Outsider A-Side: The Great Divide Look on the Bright Side with Their New Album ‘Providence’

by Clayton Edwards
(Photo credit: Sierra Haney via Sarah J. Frost PR)

Singer-songwriter Mike McClure came together with Kelly Green (bass), Scott Lester (rhythm guitar), and J.J. Lester (drums) to form The Great Divide in 1992. The Stillwater, Oklahoma-based band released their first album Goin’ for Broke in 1995. With that album, they began to shape the future of Red Dirt music. You can still hear their influence in bands like Turnpike Troubadours and Jason Boland & The Stragglers, among others. Unfortunately, the band parted ways in 2003.

In 2012, The Great Divide reformed and added Bryce Conway (B3 Organ) to the band. They played live for about a decade before finally getting back into the studio. This Friday, Providence, the band’s first new album in 20 years will hit shelves and streaming services.

Ahead of the big day, Mike McClure sat down with Outsider to talk about getting the band back in the studio, the optimism on Providence, and more.

Getting the Band Back Together

Mike McClure (The Great Divide): It’s really great. We started playing shows again in 2012. We’ve played shows here and there – one a month or a couple a month. But, what has changed lately is we all got together to make a record. We haven’t done that in 20 years. Now, going into the studio, it was emboldening.

We haven’t done that in so long and to actually sit down in a room and come up with new music that we all liked and felt something for was pretty magical.

Working with Lloyd Maines

Mike McClure (The Great Divide): We had Lloyd Maines play steel and dobro on the record which was a really cool connection for us. Lloyd produced our first three albums. He’s a world-renowned player and he was a mentor to us. So, that was another cool thing that got to happen on this record.

He made me want to produce records after working with him. I wound up doing that. Just seeing Lloyd doing his thing and trying to do something like it.

What Took Great Divide Back to the Studio

Mike McClure (The Great Divide): Well, we added a B3 player, a guy named Bryce Conway. Bryce came along and he knew the band. He was a DJ at JC Cowboy’s, a club in Weatherford, Oklahoma. He knew our band from back in the early 90s when he worked out there. Bryce played keys for No Justice and wanted to come out with us for a weekend. He came out with us and we really loved him.

It was his excitement about being in the band because he always loved our band – he just kept saying “Man, we really need to do a new record” and just kept on us. We finally said, “Alright let’s go do it.”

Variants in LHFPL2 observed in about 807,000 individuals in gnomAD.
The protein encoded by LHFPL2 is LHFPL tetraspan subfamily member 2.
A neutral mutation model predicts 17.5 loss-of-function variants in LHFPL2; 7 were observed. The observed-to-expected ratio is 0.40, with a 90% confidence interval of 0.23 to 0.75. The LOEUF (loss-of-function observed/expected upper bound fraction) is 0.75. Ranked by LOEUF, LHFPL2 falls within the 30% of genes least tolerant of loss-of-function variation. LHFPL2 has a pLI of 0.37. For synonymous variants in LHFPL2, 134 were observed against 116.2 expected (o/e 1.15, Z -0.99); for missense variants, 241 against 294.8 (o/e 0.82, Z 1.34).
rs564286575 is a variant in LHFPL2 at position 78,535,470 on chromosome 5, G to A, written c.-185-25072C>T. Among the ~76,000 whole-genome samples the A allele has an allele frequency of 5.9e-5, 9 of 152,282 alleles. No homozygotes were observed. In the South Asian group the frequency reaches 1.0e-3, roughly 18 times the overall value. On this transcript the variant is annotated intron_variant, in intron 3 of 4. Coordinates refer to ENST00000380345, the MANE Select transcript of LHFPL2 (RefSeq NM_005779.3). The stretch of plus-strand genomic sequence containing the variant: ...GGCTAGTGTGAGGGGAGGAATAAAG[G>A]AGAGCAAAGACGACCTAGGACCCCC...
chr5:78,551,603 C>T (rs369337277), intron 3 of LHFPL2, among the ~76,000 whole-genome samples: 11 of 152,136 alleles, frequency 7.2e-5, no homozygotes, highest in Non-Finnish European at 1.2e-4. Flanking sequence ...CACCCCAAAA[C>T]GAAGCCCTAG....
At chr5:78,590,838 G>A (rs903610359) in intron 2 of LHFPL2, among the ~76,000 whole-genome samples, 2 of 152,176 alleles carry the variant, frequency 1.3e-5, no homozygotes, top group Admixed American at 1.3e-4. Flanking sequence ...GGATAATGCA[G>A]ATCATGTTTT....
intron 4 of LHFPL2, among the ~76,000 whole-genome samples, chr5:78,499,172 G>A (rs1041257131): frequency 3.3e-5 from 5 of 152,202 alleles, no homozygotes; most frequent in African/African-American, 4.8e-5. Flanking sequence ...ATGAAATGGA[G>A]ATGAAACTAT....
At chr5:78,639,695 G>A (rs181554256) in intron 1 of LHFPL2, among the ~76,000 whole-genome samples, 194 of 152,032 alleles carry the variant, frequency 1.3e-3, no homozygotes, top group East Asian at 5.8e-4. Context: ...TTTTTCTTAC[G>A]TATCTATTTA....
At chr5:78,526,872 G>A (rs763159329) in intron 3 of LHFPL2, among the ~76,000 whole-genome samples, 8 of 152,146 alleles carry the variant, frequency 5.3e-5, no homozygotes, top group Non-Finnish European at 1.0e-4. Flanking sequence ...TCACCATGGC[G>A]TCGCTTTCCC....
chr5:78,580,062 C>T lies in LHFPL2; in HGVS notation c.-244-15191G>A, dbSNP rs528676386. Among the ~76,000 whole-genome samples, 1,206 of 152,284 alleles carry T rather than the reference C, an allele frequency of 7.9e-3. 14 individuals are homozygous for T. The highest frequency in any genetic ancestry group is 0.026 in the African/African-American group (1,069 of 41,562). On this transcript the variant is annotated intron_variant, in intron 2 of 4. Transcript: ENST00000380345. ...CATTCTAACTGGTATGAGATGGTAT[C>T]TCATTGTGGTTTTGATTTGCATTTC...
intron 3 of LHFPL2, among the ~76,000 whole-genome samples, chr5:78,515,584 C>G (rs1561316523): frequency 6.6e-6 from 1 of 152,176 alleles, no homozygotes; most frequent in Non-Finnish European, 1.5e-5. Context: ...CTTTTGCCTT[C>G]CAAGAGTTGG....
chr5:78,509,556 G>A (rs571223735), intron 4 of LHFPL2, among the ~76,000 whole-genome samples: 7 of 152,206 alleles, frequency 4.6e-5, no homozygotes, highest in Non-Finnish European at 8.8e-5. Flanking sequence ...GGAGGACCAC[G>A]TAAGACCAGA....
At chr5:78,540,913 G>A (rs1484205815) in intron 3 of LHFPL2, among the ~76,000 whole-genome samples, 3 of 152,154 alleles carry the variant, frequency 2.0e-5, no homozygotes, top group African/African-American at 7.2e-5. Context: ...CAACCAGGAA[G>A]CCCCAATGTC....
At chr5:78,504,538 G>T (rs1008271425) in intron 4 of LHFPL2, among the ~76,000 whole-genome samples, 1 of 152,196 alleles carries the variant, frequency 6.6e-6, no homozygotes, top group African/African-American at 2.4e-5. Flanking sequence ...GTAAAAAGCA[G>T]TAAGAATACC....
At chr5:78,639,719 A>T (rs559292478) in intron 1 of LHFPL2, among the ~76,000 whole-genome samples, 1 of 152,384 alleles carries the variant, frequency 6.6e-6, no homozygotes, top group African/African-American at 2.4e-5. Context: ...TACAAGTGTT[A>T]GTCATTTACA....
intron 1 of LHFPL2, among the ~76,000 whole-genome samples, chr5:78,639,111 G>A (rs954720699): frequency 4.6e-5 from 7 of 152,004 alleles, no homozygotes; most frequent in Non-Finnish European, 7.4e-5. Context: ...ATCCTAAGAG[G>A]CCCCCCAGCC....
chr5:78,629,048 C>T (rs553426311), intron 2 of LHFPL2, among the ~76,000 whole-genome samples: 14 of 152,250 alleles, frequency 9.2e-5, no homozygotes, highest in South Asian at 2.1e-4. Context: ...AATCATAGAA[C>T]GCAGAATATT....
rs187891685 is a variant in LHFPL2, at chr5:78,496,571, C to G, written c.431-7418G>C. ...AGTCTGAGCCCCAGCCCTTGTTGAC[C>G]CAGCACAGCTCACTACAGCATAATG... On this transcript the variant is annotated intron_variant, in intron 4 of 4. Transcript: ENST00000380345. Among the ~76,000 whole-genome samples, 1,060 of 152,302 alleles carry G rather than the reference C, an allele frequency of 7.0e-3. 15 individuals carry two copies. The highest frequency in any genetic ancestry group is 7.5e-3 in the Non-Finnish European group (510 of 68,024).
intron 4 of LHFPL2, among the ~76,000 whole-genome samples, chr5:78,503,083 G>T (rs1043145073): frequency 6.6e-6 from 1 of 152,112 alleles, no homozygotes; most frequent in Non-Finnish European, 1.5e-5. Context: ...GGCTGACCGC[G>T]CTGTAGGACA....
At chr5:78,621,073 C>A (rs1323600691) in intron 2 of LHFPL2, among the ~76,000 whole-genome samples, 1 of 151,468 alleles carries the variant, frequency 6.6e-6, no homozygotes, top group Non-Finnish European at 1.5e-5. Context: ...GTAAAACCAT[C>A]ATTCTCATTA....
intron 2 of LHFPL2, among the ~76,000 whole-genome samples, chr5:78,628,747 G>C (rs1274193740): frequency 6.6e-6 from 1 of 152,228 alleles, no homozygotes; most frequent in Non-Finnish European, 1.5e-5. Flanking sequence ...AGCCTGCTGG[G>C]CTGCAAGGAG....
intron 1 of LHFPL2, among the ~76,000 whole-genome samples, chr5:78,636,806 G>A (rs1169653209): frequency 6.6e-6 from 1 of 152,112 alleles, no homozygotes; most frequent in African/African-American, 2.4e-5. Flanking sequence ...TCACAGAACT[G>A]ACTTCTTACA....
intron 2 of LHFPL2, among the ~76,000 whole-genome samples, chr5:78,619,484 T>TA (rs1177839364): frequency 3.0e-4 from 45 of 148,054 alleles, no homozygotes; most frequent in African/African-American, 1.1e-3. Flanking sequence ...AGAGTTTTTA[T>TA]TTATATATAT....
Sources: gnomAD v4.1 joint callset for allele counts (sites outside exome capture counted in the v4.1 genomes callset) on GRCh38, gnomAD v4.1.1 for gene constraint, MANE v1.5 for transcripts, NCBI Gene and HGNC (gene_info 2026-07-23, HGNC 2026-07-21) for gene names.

I think sometimes when you inject some new life into a band or any kind of situation, it adds new energy. His energy was really a catalyst for us getting back in the studio. Once we were back in there, it all really clicked.

Taking Time to Heal and Grow

Mike McClure (The Great Divide): We had a terrible breakup in the early 2000s. It was like a divorce. We all went this way and that way. This was all kind of solidifying us coming back home. Coming back together as a band and as people sitting around in a room and making music which was the reason we started in the first place.

I got sober three-and-a-half years ago. That really helped me in all of my dealings with people. The other guys had time to heal over what they needed to heal about. Of course, coming together and trying to find that common ground – forgiveness, acceptance, and moving on. Just loving each other. That’s a big thing that’s all over this record, in the lyrics.

The Great Divide Hopes to Bring Hope with Providence  

Good Side” is something that I wrote coming out of the pandemic. “Last I heard the world was ending / Everybody let each other down.” That was the way it seemed to me at the time. We’re just trying to get out of that funk that 2020 and 2021 was for all the various reasons. Man, that was just a strange time.

With this record, I’m hoping to pull up and out of that and inject a little bit of hope and some happiness, and a little less negativity. I’m just so tired of that after the last couple of years. It’s time.

There are other songs on there that talk about setting the blame down. Stop blaming. I’ve been studying that in my own life. I’m trying to tend to the garden I can touch instead of being worried about things that I don’t have any control over.

There’s a little bit of that and a healthy dose of optimism in there.

The State of Red Dirt Today

Mike McClure (The Great Divide): I think it’s pretty amazing, especially from where I’m sitting. I started a studio called the Boohatch in Ada a long time ago. The first album I did there was Turnpike’s Diamonds & Gasoline. Then, there’s Kaitlin Butts, she’s blowing up right now. A bunch of those bands that I got to work with when they were younger bands, it’s cool to see them now. Turnpike’s getting inducted into the Oklahoma Hall of Fame. They’re doing great.

It keeps coming in waves. There was The Great Divide – us- and [Jason] Boland and Cody [Canada] and Stoney [LaRue]. That wave came through. Then, here comes John Fullbright and Turnpike Troubadours. Before The Great Divide, there was Tom Skinner, Bob Childers, and The Red Dirt Rangers. It’s just different waves and I’ve been fortunate enough to kind of ride a bunch of different waves with other bands.

It always keeps coming.